Ryedale Woodturners

Richard Findley


Thursday 5 May 2016

Snainton Woodturning Supplies

Richard Findley travelled up from Leicester to talk to us and demonstrate how to make a table lamp. Sounds simple enough, but the wealth of detail revealed by him turning this apparently straightforward item was immense.

The base

Steve Fearnley

Every aspect of the two piece construction  was explored and used as an opportunity to explain tool techniques, the properties of timber, design and production methods.  The result was a highly informative and entertaining evening.

Classic Forms by Stuart Dyas

Richard used pine for the turning, partly to show that pine can be turned successfully, and partly because “I’m not going to waste good oak on you lot!”  The base was a 6 x 2 disc, essentially faceplate turning but turned with spindle techniques, and the stem was a 2” square length. The design was based on a shape in the book Classic Forms by Stuart Dyas.

Richard started with the base, because it would have a mortise hole in the top, and it is easier to fit a tenon to a mortise than the other way round. It was held on a screw chuck to start.  Normally he prefers a spigot for holding faceplate work – using a recess on bowls usually makes the base too deep – but this base needs a recess for the wire anyway so that is what it got.  Cup shaped with a lip, not cylindrical.

Table lamp base A hole was drilled through the side for the flex before the bottom was finished – so any splinters from drilling were removed by the final cut.

Despite this being a hidden part of the lamp, great care was taken to achieve a smooth finish. Inevitably some tear out would happen as parts of a faceplate turn are always going to be against the grain. A little “magic spray” was applied, (sanding sealer or any other finish), to hold the grain down on a final cut.

The base was reversed and a 20mm hole was cut in the top to 20mm depth, to act as a mortise for the stem. This allowed sufficient thickness between the hole and the recess. The whole base was turned as if it were a spindle, using a spindle gouge. Tea break.

Gallery of work

A selection of work Richard brought along on the evening.

Turned wooden legs Barley twist candlesticks
A square bowl Bowl with fruit
Three legged stool Tapered cane

The stem

Long drillbit

The square section length which was to make the stem of the lamp was held in chuck jaws ready to drill a hole through for the wire. Richard used a long 10mm lip and spur drill it glued into a simple wooden handle, which, having made a small indent with a spindle gouge to get the drillbit seated,  he simply pushed through the spindle to about half way.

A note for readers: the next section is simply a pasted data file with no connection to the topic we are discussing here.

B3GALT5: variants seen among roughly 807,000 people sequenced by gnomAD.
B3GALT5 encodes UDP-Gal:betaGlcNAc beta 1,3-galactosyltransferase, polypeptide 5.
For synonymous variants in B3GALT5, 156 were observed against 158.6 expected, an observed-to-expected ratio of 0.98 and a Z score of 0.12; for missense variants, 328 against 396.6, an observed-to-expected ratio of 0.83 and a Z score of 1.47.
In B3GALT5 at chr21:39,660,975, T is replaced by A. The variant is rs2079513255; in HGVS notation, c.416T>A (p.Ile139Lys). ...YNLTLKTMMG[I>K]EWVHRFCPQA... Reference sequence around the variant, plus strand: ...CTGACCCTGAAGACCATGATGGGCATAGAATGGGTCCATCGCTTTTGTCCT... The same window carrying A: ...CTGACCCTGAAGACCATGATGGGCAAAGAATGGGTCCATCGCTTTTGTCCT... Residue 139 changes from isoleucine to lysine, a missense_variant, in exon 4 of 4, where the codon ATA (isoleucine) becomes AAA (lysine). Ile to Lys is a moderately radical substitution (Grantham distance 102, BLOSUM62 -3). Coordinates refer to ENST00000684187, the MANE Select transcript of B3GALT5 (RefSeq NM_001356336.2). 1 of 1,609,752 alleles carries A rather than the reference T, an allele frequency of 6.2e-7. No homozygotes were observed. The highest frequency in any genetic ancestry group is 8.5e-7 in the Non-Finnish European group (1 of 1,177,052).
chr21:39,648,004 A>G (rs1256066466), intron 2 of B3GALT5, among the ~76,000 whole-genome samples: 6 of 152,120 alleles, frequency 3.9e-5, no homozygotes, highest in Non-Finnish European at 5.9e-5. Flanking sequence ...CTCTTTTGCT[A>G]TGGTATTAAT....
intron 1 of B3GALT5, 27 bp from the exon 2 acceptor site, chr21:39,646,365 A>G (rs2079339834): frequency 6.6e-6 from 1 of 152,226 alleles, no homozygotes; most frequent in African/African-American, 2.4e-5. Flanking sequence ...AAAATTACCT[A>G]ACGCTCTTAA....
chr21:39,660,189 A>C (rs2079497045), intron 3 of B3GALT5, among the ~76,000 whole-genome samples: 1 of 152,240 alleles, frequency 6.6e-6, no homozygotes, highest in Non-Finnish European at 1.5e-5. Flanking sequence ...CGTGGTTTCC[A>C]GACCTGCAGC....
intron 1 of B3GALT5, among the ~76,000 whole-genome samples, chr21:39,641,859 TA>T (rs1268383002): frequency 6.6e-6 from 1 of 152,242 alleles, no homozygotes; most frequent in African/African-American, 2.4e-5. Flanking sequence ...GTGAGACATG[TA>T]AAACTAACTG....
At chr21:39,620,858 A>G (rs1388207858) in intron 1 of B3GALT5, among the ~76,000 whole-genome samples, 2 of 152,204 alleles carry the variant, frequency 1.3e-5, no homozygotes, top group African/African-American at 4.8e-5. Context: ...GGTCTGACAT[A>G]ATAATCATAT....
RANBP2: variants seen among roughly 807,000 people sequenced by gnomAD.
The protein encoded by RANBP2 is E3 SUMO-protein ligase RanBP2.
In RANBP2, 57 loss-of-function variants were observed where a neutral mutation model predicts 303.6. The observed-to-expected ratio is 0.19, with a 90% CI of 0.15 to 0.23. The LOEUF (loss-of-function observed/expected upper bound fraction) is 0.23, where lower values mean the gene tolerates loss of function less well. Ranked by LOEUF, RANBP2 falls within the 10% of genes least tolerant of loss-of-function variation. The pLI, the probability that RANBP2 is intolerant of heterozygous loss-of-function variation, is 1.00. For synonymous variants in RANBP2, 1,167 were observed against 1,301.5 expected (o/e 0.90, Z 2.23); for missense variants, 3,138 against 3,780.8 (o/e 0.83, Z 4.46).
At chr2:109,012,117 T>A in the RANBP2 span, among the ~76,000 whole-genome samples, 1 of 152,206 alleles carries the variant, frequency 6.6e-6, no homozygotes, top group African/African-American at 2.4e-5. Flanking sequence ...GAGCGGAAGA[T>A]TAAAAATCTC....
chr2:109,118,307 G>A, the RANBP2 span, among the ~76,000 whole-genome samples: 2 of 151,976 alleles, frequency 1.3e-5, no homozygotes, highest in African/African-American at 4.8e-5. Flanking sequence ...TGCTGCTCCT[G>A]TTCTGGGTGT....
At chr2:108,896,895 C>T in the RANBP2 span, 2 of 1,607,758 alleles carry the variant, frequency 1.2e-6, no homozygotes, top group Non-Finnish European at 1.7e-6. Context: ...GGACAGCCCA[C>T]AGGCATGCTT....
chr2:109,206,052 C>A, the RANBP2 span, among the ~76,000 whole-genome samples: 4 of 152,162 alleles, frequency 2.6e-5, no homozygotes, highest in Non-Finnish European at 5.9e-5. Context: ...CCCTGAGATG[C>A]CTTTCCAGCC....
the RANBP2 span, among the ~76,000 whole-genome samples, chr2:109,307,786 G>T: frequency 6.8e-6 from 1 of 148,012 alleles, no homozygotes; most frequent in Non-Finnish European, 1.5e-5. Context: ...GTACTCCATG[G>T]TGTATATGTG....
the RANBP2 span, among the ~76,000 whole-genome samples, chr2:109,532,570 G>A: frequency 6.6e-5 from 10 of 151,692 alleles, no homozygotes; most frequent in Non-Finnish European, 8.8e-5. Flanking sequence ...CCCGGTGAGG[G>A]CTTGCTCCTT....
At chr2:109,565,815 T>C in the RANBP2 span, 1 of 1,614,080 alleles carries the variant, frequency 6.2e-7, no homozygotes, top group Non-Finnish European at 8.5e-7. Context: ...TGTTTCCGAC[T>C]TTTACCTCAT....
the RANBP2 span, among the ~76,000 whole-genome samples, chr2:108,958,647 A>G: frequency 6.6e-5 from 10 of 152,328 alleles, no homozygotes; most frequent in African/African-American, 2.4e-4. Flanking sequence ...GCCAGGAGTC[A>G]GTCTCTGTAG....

Turning a table lamp

He then turned the block round and completed the job from the other end. The chuck was removed and the spindle was then held by friction between two pointed centres.  It was marked out using an MDF template which had been notched to mark key borders of beads and coves.

Fiming woodturning

Beads first, coves last (positives, then negatives). Richard went into considerable detail about rolling a bead, enlisting (or enforcing) help from Brian through the video and TV.

Filming woodturning

Although Brian had to stand up for a while, it was well worth it as Richard made the most of the close ups to show us: that you must complete the cut – not leaving an end grain ring which would not sand out – and that if using a skew you only use the tip of the tool – witnessed by where the fine dust appeared on the tool blade. Also look for a groove and a feather, and push this through to the end of the bead.  A spindle gouge could be used as long as a little forethought with design ensured no beads tight up against any shoulders.

Turning a table lamp

The design had a tulip at the top and a stretched tulip further down.  This was planed to a tidy finish using a skew for a planing cut – only the bottom half of the blade must be in contact during this cut.

Table lamp

The tenon was cut to fit at 20mm. When tested it was a little small. Tenons can me made bigger! Cutting a groove or grooves at an angle pushes up swarf, that gives the extra tightness to the fit. Ably demonstrated by the tight fit without glue as the lamp was passed around.

Finally Richard has a few words about electrics: important if you are selling table lamps. 3 metre length maximum flex, 3 amp fuse, metal fittings must be earthed, and flex must be secured in place. A PAT test certificate is useful, though not essential. The same applies to a CE Mark.

Hints and tips
  • If you experience any problems when turning, the first thing to do is sharpen your tools
  • Turn shapes using your body rather than wrist or arm – this will reduce unwanted lumps and bumps.
  • Putting a fillet in between context and concave curves breaks up the line well
  • When gluing put the glue in the hole and not on the tenon.
  • Timber turned into a circle can go oval with the grain. The old chair makers knew that when fitting two pieces together, putting the grain at right angles makes the oval effect strengthen the joint rather than weaken it.